The Supreme Court unanimously ruled the successive class action suits do not receive the benefit of the tolling provided by Am. Pipe & Constr. Co. v. Utah, 414 U.S. 538 (1974). Justice Ruth Bader Ginsburg's opinion held that, given the "preference for preclusion of untimely successive class actions" appearing on the Federal Rules of Civil Procedure and the Private Securities Litigation Reform Act, the statute of limitations cannot be tolled practically forever as long as the plaintiffs try.


Eminently sensible result that overruled the Ninth Circuit position, which was bonkers. The fact that the company at issue was a Chinese company can also serve as a broader commentary on where the U.S. economy is today.

Wednesday, August 1, 2018

Case of the Day: Benge v. Williams, 2018 Tex. LEXIS 441 (Tex. May 25, 2018)


In a medical malpractice case involving a botched hysterectomy surgery, the plaintiff patient prevailed in the lower courts. In the appeal, the defendant-appellant argued that the plaintiff-appellee's expert witness was not qualified to give testimony because he was not "practicing medicine." The expert was a board certified obstetrician and gynecologist who later also attended and graduated from law school, and began a teaching career in Texas by teaching law at the University of Houston Law Center and medicine at Baylor College of Medicine. In 2011, the expert moved to South Korea to teach law and medicine at Yonsei University, while continuing to collaborate with a Baylor professor.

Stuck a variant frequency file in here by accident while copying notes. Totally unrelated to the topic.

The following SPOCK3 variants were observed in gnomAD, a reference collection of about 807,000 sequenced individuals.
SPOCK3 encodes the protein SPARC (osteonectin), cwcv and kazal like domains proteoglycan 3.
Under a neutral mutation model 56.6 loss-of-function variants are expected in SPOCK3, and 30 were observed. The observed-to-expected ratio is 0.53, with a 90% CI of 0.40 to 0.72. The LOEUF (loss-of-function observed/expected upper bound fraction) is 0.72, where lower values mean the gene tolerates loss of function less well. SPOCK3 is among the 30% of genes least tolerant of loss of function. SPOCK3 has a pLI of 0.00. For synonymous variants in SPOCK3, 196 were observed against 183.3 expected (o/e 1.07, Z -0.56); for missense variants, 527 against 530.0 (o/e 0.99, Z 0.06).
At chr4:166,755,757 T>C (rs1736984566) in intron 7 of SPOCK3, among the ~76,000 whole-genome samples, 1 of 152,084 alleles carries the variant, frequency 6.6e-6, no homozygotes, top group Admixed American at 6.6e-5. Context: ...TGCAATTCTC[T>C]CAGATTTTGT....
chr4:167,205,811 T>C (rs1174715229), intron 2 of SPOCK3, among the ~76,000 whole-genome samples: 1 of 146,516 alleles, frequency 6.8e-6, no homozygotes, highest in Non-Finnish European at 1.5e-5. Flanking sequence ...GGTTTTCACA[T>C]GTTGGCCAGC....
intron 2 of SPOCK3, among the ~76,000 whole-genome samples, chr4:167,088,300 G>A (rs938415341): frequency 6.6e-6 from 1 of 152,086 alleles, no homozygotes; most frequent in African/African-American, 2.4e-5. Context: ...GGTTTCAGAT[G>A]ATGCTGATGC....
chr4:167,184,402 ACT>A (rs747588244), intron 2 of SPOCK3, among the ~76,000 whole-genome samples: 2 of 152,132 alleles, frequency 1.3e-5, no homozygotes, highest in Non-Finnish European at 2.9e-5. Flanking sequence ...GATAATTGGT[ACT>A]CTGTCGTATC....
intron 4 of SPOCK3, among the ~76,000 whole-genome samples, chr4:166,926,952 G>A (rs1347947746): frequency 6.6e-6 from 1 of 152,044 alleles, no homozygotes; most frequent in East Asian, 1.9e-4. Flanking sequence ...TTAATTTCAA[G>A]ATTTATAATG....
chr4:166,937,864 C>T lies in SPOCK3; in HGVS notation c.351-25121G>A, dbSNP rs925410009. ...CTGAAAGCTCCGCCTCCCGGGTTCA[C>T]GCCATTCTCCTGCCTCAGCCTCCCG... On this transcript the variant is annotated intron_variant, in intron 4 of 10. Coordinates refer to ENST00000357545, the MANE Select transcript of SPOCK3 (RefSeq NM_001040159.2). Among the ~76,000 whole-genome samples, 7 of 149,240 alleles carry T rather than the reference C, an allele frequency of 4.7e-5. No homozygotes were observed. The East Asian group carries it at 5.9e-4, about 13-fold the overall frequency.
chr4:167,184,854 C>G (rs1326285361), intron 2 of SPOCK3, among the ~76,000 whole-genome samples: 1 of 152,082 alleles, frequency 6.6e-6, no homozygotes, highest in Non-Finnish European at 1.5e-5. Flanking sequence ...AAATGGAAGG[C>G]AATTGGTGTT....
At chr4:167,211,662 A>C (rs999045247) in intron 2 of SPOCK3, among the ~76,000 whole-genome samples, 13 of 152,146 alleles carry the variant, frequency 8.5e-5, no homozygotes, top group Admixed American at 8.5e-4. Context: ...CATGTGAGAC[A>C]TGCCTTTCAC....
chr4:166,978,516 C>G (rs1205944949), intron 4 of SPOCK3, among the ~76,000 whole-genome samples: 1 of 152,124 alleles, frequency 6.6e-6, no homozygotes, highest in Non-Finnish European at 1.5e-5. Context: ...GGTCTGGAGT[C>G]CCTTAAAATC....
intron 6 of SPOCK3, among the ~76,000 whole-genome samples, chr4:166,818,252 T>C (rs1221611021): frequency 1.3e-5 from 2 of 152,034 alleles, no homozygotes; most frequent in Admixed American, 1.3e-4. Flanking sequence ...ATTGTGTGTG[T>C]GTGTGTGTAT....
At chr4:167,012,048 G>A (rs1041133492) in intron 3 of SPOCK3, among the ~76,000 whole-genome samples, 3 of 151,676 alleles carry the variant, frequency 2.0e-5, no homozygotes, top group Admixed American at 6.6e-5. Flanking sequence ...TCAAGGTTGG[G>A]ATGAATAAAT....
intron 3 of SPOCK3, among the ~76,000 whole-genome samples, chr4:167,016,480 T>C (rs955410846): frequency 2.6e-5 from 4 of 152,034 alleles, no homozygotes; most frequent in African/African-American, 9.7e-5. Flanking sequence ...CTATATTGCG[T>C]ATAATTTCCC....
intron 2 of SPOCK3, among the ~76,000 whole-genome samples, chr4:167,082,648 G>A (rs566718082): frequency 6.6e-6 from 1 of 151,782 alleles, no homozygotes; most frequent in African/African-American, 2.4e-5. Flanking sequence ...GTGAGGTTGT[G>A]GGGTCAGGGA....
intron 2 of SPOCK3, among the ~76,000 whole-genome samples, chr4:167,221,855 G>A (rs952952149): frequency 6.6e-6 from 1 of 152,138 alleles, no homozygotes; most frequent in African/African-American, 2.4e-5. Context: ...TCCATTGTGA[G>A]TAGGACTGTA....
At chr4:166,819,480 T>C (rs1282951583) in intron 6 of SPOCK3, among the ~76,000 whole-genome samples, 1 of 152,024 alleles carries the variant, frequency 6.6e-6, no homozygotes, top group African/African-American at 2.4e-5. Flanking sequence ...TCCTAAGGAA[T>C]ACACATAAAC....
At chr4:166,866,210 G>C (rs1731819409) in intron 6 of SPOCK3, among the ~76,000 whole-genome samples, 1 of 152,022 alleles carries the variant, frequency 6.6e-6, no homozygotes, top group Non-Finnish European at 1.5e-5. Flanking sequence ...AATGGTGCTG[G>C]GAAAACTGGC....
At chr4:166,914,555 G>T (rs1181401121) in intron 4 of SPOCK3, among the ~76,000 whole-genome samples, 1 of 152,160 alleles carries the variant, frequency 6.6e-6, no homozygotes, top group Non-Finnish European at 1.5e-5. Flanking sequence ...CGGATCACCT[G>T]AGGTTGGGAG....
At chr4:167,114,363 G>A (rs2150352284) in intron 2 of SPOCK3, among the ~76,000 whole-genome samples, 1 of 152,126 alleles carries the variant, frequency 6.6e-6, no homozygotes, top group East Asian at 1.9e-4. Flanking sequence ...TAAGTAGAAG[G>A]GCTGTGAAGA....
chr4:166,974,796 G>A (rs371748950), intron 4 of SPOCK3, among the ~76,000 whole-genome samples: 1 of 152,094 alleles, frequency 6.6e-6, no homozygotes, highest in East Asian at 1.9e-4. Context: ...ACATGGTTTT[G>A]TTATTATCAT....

The court rejected the argument that the expert was not "practicing medicine" because he was not accredited to see patients in South Korea, and also rejected the argument that Yonsei University Medical School was not an accredited institution because the school was not accredited in accordance with U.S. standards.


It is of course the litigant's prerogative to make this type of hyper technical argument, but the argument needs to pass the laugh test. It is an impossibly heavy lift to claim that a person with a credential like the expert described here, going from teaching at one elite hospital after another, was not "practicing medicine," even though the legal battle may be over a term of art.

Monday, July 30, 2018

Media Appearance: "Cryptocurrency Laws and Regulations in Asia" in Asia Business Law Journal

Vacation is over--time to get back in the saddle! Here is my contribution, together with Michael S. Kim and Daniel S. Lee of Kobre & Kim LLP, giving an overview of cryptocurrency laws of South Korea.
Under the proposed regulatory scheme, digital currency exchanges would be required to register with South Korea’s Financial Intelligence Unit, a sub-organization of the FSC that monitors transactional flows to prevent money laundering or other attempts to evade capital control measures. The exchanges would also need to comply with “Know Your Customer” and anti-money laundering regulations at levels similar to banks. The proposed legislation is currently pending before the National Assembly.
In addition to the FSC’s proposed regulatory scheme, there are several other pending bills regarding digital currency trades and taxation measures. These bills have remained pending due to local elections in South Korea, but given a general lack of resistance toward digital currency regulation, they are expected to pass in the National Assembly soon.
Cryptocurrency Laws and Regulations in Asia: South Korea [Asia Business Law Journal]

Friday, July 13, 2018

Case of the Day: Ogawa v. Kang, 2018 U.S. Dist. LEXIS 88561 (D. Utah May 24, 2018)